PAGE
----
Tanzania: Volatility Hits Telecoms After 17 Years of Growth

Dar es Salaam — Subscriptions of voice telecommunications are becoming volatile although the number of internet users is increasing.

Tanzania ended 2017 with a 0.22 per cent drop in the number of voice telecom subscribers, rising a question whether the market is saturated. The number of subscribers has been growing in the last 17 years but 2017 experienced volatility and ended with 40.08 million voice subscribers compared with 40.17 million in 2016, according to the Tanzania Communications Regulatory Authority (TCRA).

According to a FinScope study of 2017 released last September, mobile phone network reached 95 per cent of Tanzanians since last year and 93 per cent of Tanzanian adults had access to mobile phones. When Halotel entered the market in October 2015, the number of subscribers increased to 38.3 million that month from 35.9 million in September.

Halotel which is owned by Vietnamese telecom operator Viettel focused on rural connectivity and in mid-October 2015 it announced to have reached 1,500 villages which were not covered before. It also said its services covered up to 81 per cent of Tanzanian population that time.

By the end of 2015, the number of subscribers reached 39.8 million, thanks to competition which made operators aggressive to attract more customers.

The industry also ended 2016 with 40.17 million subscribers after recording 40.5 million in November.

It dropped further to 39.4 million in February 2017 and rise again to 40.7 million in July 2017.

However, the sector ended 2017 with 40.08 million subscribers for all operators."It needs a longterm observation and analysis but there is possibility that either the voice market is saturated or customers are shifting to other communication products."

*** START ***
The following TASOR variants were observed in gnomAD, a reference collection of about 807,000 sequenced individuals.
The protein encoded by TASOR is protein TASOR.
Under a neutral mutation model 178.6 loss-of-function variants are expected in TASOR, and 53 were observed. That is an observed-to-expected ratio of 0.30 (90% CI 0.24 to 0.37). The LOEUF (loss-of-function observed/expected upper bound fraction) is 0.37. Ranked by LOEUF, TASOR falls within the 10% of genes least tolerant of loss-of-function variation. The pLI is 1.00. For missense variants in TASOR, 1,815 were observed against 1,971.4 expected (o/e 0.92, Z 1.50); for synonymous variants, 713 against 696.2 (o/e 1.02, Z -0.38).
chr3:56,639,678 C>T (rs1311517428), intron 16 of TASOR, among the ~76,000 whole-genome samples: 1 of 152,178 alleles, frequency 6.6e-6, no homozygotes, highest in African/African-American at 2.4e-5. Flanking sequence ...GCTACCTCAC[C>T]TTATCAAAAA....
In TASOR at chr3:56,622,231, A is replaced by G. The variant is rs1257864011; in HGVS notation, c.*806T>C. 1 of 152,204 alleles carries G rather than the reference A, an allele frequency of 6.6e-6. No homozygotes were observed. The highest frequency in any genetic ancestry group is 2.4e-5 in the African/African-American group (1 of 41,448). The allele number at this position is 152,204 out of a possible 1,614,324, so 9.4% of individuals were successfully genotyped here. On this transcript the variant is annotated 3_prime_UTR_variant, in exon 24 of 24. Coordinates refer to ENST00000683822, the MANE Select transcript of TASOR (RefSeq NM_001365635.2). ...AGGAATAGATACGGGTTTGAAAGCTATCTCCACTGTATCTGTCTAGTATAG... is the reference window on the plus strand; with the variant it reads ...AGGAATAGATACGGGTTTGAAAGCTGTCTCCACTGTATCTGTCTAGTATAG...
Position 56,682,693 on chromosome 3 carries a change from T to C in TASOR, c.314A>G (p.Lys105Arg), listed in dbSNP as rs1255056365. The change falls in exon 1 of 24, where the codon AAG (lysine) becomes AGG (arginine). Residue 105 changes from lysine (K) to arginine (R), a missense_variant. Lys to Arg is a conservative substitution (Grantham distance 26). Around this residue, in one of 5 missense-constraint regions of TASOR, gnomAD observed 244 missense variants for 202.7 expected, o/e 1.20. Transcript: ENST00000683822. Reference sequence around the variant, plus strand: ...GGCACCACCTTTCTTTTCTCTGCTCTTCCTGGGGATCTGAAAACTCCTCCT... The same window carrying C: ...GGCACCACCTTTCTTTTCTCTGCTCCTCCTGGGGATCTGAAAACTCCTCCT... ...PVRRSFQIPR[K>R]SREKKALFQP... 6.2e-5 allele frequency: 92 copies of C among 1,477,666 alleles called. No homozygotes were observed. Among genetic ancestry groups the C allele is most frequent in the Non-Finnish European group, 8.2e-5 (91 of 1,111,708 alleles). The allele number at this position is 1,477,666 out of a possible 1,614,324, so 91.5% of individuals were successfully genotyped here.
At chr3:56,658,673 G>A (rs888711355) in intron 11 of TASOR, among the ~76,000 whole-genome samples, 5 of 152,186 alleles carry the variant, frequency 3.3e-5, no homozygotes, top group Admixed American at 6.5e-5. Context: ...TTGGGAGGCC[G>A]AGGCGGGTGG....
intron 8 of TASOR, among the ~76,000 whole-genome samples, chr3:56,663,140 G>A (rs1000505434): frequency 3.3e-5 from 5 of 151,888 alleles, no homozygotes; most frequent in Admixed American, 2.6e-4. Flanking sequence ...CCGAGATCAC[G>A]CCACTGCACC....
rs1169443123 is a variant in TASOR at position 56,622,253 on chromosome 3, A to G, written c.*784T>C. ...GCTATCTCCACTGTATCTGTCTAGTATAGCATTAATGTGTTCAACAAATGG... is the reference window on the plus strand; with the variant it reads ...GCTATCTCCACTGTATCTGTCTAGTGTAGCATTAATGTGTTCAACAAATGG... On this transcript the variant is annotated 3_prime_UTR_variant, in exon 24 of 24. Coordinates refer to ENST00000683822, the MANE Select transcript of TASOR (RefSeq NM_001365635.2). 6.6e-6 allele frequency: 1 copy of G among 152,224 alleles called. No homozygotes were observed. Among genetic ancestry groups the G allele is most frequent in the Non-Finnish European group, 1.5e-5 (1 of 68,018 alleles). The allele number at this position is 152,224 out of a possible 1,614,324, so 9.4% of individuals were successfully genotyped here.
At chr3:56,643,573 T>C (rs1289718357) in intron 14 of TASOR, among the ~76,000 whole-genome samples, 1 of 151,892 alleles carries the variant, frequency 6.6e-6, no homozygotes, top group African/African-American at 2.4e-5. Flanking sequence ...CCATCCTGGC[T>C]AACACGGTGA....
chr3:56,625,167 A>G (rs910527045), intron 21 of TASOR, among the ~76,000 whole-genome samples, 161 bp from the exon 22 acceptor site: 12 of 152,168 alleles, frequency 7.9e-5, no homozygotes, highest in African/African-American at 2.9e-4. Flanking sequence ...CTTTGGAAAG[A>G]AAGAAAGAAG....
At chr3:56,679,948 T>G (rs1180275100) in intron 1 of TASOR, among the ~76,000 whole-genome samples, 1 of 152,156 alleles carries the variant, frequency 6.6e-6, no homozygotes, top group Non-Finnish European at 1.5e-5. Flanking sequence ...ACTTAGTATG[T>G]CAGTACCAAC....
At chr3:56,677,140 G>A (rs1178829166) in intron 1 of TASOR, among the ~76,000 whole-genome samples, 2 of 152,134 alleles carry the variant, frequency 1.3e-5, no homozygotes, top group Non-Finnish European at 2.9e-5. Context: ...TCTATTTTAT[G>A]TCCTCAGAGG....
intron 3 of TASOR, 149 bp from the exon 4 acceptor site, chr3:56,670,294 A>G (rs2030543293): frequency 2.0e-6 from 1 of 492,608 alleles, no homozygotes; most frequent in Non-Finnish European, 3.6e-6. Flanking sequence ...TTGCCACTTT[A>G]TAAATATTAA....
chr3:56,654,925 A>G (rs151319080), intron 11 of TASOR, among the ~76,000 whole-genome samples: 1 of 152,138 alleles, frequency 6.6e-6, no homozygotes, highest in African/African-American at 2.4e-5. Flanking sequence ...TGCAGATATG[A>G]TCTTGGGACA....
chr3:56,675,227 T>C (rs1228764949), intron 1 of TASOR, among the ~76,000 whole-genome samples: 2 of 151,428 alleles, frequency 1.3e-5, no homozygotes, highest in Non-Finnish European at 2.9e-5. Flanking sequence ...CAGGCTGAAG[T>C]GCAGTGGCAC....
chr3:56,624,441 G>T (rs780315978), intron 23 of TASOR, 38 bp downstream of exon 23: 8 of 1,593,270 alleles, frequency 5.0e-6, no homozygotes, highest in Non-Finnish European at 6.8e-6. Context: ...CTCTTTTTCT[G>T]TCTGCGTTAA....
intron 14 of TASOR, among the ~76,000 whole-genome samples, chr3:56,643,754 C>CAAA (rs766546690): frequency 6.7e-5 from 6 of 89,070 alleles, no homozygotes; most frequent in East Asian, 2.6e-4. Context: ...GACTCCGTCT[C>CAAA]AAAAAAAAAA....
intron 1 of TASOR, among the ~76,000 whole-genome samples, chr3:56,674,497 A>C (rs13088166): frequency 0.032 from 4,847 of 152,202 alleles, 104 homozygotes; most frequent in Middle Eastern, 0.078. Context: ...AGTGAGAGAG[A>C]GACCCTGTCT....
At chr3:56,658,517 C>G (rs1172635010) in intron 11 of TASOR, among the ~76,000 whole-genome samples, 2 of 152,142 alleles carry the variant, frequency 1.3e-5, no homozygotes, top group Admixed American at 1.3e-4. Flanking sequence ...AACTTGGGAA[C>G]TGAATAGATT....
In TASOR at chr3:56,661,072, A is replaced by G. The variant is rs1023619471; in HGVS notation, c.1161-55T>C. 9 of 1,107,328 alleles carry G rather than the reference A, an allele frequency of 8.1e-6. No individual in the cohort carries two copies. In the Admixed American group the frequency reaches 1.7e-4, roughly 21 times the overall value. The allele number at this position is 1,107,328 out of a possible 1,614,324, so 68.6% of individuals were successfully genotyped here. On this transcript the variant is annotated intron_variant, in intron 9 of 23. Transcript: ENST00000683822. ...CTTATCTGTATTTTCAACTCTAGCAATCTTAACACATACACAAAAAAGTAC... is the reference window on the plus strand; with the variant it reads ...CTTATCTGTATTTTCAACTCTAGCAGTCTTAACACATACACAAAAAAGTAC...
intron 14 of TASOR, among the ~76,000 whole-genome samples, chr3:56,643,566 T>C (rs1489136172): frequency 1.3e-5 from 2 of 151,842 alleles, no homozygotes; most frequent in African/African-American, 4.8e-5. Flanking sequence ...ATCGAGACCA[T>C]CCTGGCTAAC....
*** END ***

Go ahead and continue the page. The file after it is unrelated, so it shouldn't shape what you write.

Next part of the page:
Social media platforms like WhatsApp, some customers use them to make calls hence making data more important than voice calls. Mobile phone operators in Tanzania include Vodacom Tanzania, a unit of South Africa's Vodacom; Tigo Tanzania, which is part of Sweden's Millicom; Bharti Airtel Tanzania and Halotel.

Others are Zantel, TTCL and Smart. Vodacom is the market leader until December 2017 holding 32 per cent of the subscription market share followed by Tigo at 28 per cent and Airtel at 27 per cent.

Halotel accounts for 10 per cent while Zantel, TTCL and Smart hold two per cent, one per cent and 0.3 per cent respectively.

Smartphones have pushed the internet penetration.

While voice subscribers are going up and down, the number of internet users increased from 19.86 million in 2016 to 22.99 million at the end of 2017 and the largest share of them accessed the service through their smartphones. For instance, out of the 22.99 million users recorded last year, 19 million used mobile wireless internet while 3.47 million others used fixed wireless and 520,698 used fixed wired services.

Tanzania's internet penetration rate also increased from 40 per cent in 2016 to 45 per cent in 2017.

Some simcard registration agents say there are a few individuals who nowadays buy the simcards.

"I register the new lines and renew others but it's very slow these days," says Ms Stella Erasto, an agent with the cards from all operators.

Last year, Tanzania launched Mobile Number Portability services which allow mobile phone customers to retain their numbers whenever they opt to change mobile service providers - a move that deepened competition in the telecommunications sector.

Vodacom, Tigo, Airtel and Zantel are also pioneering interoperability scheme - a mobile money initiative that enables their customers to send and receive money across their networks.

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